'Food, Inc.': A film that may take away your appetite
Robert Kenner's film documentary informs viewers of alarming flaws in our food-safety system, and offers suggestions on how to remedy them. Authors Eric Schlosser ("Fast Food Nation") and Michael Pollan ("The Omnivore's Dilemma") contributed to the film, reviewed by Michael Upchurch.
Seattle Times arts writer
"Food, Inc." a documentary with Eric Schlosser and Michael Pollan. Directed by Robert Kenner. 93 minutes. Rated PG for some thematic material and disturbing images. Egyptian.
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Early on in this documentary about the industrialization of food-production comes a statement with more implications than at first are apparent: "The industry doesn't want you to know the truth about where your food comes from — because if you knew, you might not want to eat it."
In other words, "Food, Inc." isn't just about food. It's about suppressed information.
Producer-director Robert Kenner, with input from authors Eric Schlosser ("Fast Food Nation") and Michael Pollan ("The Omnivore's Dilemma"), tries to lift the veil. The result is an alarming film that tackles food and freedom-of-speech issues on many fronts.
It highlights legal restrictions imposed in the 1990s on public discussion of food safety (the so-called "veggie libel laws"). It examines the ramifications of patenting genetically engineered seeds (including patentees' use of lawsuits to pressure independent farmers into jumping aboard the corporate bandwagon).
It exposes conflicts of interest between big-time U.S. producers of food and those who are supposed to regulate them (too often the same people, the filmmakers contend).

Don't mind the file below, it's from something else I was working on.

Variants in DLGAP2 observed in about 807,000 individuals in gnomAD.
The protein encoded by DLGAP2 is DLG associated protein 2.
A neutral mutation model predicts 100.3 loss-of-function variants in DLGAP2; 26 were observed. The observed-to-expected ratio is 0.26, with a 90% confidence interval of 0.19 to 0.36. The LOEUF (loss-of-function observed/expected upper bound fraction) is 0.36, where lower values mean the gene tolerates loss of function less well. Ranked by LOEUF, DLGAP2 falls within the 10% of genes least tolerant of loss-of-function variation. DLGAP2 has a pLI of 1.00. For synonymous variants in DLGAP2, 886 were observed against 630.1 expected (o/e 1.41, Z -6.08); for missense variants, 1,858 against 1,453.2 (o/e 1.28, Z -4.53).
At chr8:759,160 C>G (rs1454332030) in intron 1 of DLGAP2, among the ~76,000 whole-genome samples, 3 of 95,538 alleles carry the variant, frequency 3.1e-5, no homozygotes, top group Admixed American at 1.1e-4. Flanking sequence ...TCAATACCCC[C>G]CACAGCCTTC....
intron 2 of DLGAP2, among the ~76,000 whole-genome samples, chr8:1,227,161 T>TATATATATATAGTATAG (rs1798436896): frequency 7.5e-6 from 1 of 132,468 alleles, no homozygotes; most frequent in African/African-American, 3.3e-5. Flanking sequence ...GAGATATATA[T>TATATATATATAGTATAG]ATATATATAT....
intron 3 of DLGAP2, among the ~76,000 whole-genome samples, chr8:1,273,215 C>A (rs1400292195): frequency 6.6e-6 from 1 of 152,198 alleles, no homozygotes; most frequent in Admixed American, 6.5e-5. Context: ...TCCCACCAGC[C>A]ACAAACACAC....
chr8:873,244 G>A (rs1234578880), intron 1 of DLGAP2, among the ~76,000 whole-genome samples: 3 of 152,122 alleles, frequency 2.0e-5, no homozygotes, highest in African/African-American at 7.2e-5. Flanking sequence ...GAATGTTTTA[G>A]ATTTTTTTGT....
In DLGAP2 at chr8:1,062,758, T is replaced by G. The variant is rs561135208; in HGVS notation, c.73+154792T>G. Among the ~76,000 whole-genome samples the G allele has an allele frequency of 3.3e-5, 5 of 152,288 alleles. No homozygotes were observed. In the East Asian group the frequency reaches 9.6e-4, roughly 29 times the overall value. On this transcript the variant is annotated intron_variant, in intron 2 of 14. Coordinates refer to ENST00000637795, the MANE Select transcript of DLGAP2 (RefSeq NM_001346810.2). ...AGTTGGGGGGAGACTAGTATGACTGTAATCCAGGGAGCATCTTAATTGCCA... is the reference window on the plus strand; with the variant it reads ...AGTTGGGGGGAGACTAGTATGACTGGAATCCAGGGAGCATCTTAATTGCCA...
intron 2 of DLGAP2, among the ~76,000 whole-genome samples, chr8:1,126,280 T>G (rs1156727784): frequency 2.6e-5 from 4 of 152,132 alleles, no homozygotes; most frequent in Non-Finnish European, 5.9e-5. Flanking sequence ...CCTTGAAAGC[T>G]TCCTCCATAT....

The changes to our agricultural system, Kenner points out, have been widespread and rapid. Among statistics he cites: While the top five beef packers controlled 25 percent of the market in the 1970s, now the top four control 80 percent; and where the Food and Drug Administration made 50,000 food-safety inspections in 1972, it made only 9,164 in 2006.
Factory farms and changes in animals' feeding regimes, it seems clear, have contributed to rising cases of E. coli and salmonella.
No food companies present their point of view. But that's not the filmmaker's fault. None would talk to Kenner — although soybean producer Monsanto has posted its take on one case he investigates, on its Web site.
In most of these David-and-Goliath stories, Goliath is pummeling David big time. Kenner illuminates a few bright spots and makes some useful suggestions. But the film's revelations remain mighty sobering.
Michael Upchurch: firstname.lastname@example.org
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